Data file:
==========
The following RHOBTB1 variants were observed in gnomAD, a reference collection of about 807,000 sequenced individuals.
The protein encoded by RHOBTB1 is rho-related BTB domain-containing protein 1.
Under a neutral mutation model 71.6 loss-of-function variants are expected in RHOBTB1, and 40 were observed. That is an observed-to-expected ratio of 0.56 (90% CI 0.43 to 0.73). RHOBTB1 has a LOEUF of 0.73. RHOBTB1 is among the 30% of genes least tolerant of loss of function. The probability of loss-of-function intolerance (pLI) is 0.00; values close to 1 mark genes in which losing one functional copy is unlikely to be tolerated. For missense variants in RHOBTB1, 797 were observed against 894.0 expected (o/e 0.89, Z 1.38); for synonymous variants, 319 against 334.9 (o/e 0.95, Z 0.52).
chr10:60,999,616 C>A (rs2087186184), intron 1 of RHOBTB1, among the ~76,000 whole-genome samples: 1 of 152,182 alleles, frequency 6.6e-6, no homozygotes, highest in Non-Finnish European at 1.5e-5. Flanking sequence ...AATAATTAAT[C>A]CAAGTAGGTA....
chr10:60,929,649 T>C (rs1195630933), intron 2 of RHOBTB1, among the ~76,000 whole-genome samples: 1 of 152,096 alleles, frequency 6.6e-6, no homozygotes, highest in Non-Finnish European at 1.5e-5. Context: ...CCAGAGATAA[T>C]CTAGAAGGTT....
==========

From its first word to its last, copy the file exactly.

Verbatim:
The following RHOBTB1 variants were observed in gnomAD, a reference collection of about 807,000 sequenced individuals.
The protein encoded by RHOBTB1 is rho-related BTB domain-containing protein 1.
Under a neutral mutation model 71.6 loss-of-function variants are expected in RHOBTB1, and 40 were observed. That is an observed-to-expected ratio of 0.56 (90% CI 0.43 to 0.73). RHOBTB1 has a LOEUF of 0.73. RHOBTB1 is among the 30% of genes least tolerant of loss of function. The probability of loss-of-function intolerance (pLI) is 0.00; values close to 1 mark genes in which losing one functional copy is unlikely to be tolerated. For missense variants in RHOBTB1, 797 were observed against 894.0 expected (o/e 0.89, Z 1.38); for synonymous variants, 319 against 334.9 (o/e 0.95, Z 0.52).
chr10:60,999,616 C>A (rs2087186184), intron 1 of RHOBTB1, among the ~76,000 whole-genome samples: 1 of 152,182 alleles, frequency 6.6e-6, no homozygotes, highest in Non-Finnish European at 1.5e-5. Flanking sequence ...AATAATTAAT[C>A]CAAGTAGGTA....
chr10:60,929,649 T>C (rs1195630933), intron 2 of RHOBTB1, among the ~76,000 whole-genome samples: 1 of 152,096 alleles, frequency 6.6e-6, no homozygotes, highest in Non-Finnish European at 1.5e-5. Context: ...CCAGAGATAA[T>C]CTAGAAGGTT....